Like adults, the male larvae do not have sharp pincers to pierce. Female hellgramites have pincers that can pinch, cause painful bites to animals, and even draw blood.
Frequently Asked Questions
Can a dobsonfly hurt you?
Yes, there is a chance that female dobsonflies can hurt you if you handle them incorrectly.
These insects have sharp pincers that can pierce the skin of humans and animals.
Female dobsonflies are the only ones that have these sharp mandibles, however, and can cause painful bites. The males cannot do it.
How does the dobsonfly fight?
Dobsonflies use their large mandibles if they have to defend themselves against other potential mates of their love interest.
For females, the mandibles are the greatest defense mechanism they have. They use these to keep away any threat and pierce the enemy, causing painful bites.
What do dobsonflies turn into?
Dobsonflies are the final life cycle of the insect. They hatch into larvae called Hellgramites which live underwater for two to three years.
After pupating for a brief period, they hatch into winged insects called Dobsonflies. The adult dobsonflies live for only about a week, and their only purpose is to mate and produce their offspring.
Why dobsonflies are called hellgrammites?
There is no specific answer to the etymology of Hellgrammites.
Historically, fishermen are known to call aquatic bait hellgramites.
These insects are used to this day as effective bait to catch fish. However, the origin of their names is unknown.
Whenever we find a scary-looking insect, our first resort is to get them out of the way and avoid them. It works as a defense mechanism against something we consider a threat.
Similarly, a threatening appearance or chemical release is the defense mechanism for creatures like the Dobsonflies.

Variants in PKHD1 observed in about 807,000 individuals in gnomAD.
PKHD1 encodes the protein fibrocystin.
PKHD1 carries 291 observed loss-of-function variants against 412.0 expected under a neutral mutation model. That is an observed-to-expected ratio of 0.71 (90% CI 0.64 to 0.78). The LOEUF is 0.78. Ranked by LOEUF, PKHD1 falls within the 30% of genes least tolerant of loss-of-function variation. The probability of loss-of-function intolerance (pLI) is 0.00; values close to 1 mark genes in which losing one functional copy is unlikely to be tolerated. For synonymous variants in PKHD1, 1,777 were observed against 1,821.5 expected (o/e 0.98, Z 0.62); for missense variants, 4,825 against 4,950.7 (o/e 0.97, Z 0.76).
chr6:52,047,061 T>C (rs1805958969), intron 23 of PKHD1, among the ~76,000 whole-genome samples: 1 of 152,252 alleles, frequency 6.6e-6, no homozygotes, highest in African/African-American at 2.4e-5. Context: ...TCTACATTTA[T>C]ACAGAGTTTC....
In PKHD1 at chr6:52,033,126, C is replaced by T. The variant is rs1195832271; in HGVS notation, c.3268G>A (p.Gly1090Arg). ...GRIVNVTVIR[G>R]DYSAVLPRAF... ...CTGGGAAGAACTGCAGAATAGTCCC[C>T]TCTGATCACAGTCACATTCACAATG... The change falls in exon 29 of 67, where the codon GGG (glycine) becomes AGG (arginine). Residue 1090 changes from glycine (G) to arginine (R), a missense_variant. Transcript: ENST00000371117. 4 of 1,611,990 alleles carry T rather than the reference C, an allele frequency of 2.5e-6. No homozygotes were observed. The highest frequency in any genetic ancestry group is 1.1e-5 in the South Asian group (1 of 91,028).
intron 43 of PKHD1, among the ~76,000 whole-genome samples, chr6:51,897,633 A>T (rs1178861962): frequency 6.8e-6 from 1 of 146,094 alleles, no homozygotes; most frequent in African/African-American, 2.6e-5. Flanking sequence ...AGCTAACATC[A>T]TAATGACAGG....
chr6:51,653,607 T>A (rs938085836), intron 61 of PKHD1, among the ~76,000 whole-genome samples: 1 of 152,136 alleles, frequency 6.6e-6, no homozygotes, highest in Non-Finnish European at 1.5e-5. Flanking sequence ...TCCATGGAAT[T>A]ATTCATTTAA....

The important thing to remember is that it is all part of nature’s fascinating way of protecting every creature in its unique manner.
Thank you for reading, and look out for bug bites around the water!
Many of our readers have reached out to us to learn about the defense mechanisms of the humble dobsonflies over the years.
Read the emails below to understand the interest.
Letter 1 – Another Dobsonfly Pupa
what is this?
I live in Elkhart Indiana ; I found this in a park in Goshen Indiana & I couldn’t find anything on the net about it, what could this be. Obviously it dead, we couldn’t keep it alive. I like your site, keep it up.
This is the second Dobsonfly Pupa photo we got in two days. It is dormant and will emerge, probably very soon. The adults are quite frightening looking.
Letter 2 – Another Dobsonfly Drawing?
Can you tell me what this bug is?We saw it approx 10 yds from a river,in central Minnesota.Someone said maybe a water scorpian,but the pictures of water scorpians I saw,were different than this.This has a more slender body,light grey in color,and the pinchers were short.I did not notice any sort of tail on this one?Thanks~
We believe your fabulous drawing and descriptive text is representative of a Dobsonfly, probably a female.
Letter 3 – A Pair of Dobsonflies